In 1950, nearly a third of the U.S.’s power was hydroelectric. After the success that year, progress with renewable energy took a swift downfall, until it crashed in the early 2000s.
In 2001, renewable energy usage was at its lowest point ever. The potential for improvement and capacity was incredibly low, and the fight for cleaner energy seemed to be slowing down significantly. The crash in clean energy, however, brought along a new sense of awareness, culminating in the return of environmental justice.
Now, in 2018, over 66 countries have adopted renewable energy targets, and over 100 cities worldwide rely on wind power, solar power, hydroelectricity, and biomass for a majority of their energy (over 70%).
In spite of periodic downfalls in the clean energy revolution, the world is on an upward spiral. There is so much hope for a better future, and to me, that is music to my ears.
There is an increased interest and investment for energy from hydroelectric power, wind power, solar power, and geothermal since 2001, a year when the fossil fuel industries were the kings of energy. Since then, people have opened their eyes to see the caustic nature of burning fossil fuels, increasing greenhouse gas emissions, and the toll that accumulating fossil fuels have on the Earth. People are becoming more innovative, striving to give greater access to people in need and give a cleaner alternative to those who already have electricity. With this greater use of alternative resources, there is less consumption of coal, oil, and other essentially non-renewable resources.
On the renewable energy front, open-minded countries have made leaps and bounds to establish a system of energy provision that is safer for both the environment and its inhabitants. The city Reykjav k in Iceland is almost completely running on hydropower and geothermal, and by 2050, they aspire to be completely powered by sustainable sources, even with their public transportation system. Similarly, the city of Basel in Switzerland is hoping to lead the world into a more environmentally conscientious era.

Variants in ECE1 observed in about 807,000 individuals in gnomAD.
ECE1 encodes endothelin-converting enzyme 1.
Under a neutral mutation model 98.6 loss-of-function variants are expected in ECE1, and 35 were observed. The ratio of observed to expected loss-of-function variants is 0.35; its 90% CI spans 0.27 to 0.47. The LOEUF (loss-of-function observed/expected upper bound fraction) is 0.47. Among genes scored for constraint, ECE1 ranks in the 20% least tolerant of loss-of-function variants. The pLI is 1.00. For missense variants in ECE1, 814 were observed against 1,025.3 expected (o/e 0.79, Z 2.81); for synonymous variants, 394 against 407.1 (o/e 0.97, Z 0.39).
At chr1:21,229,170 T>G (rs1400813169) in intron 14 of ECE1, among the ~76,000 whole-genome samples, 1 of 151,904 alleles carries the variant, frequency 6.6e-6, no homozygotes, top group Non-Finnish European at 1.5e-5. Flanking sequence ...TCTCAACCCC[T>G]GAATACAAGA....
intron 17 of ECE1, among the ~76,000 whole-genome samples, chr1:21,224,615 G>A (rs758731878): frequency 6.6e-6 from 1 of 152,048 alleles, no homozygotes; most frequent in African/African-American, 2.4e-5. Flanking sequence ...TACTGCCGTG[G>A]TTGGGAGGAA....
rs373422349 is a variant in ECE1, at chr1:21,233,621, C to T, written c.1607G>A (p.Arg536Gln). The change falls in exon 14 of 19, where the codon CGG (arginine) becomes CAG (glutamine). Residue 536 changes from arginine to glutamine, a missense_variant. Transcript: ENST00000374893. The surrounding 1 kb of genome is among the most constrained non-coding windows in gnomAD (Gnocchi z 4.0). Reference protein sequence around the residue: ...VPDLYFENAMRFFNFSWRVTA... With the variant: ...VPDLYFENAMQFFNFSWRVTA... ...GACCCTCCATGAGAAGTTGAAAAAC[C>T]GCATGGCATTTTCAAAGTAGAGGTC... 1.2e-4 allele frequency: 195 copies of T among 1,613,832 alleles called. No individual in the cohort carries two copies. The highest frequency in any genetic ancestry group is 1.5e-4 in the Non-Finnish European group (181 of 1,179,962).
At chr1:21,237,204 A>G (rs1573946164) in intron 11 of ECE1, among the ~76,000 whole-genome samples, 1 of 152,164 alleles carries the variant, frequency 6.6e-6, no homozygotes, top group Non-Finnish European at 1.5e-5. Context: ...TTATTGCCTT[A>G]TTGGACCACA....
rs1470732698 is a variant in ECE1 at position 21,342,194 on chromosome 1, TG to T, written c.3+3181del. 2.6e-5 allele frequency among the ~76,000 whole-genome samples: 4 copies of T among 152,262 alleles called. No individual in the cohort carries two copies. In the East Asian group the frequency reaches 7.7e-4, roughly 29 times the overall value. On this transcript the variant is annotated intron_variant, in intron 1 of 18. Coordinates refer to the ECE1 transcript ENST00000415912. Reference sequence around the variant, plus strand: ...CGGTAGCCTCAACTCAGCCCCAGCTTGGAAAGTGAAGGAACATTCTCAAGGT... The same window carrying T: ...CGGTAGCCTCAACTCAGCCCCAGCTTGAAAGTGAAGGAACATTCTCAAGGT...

Unfortunately, the challenge with this type of energy is cost and distribution. Many developing countries either don’t have access to cleaner energy or don’t have a big enough budget to include the expensive materials, time, or effort to install a renewable energy program into society. Even in developed countries, there is this struggle over the steep price of providing technology that harnesses the inexhaustible reserves of wind and sun.
Although we often target developing countries with sustainability tactics, the biggest difference can be made right in our own backyards. The U.S. consumes more fossil fuels and emits more greenhouse gases per person than anywhere else in the world, which personally makes me think that we need to be the ones leading the world into a renewable resource revolution. We are already behind in the efforts toward worldwide reduction of carbon dioxide, methane, and other greenhouse gases. However, as more technology is developed to become more efficient and as we learn more about this area of study, the price tag on alternative energy sources has significantly decreased.
As more doors are opened in the world of sustainability, the possibility to access and use renewable energy has widened. The more we educate ourselves and strive to use it, the better our world will be in the long run.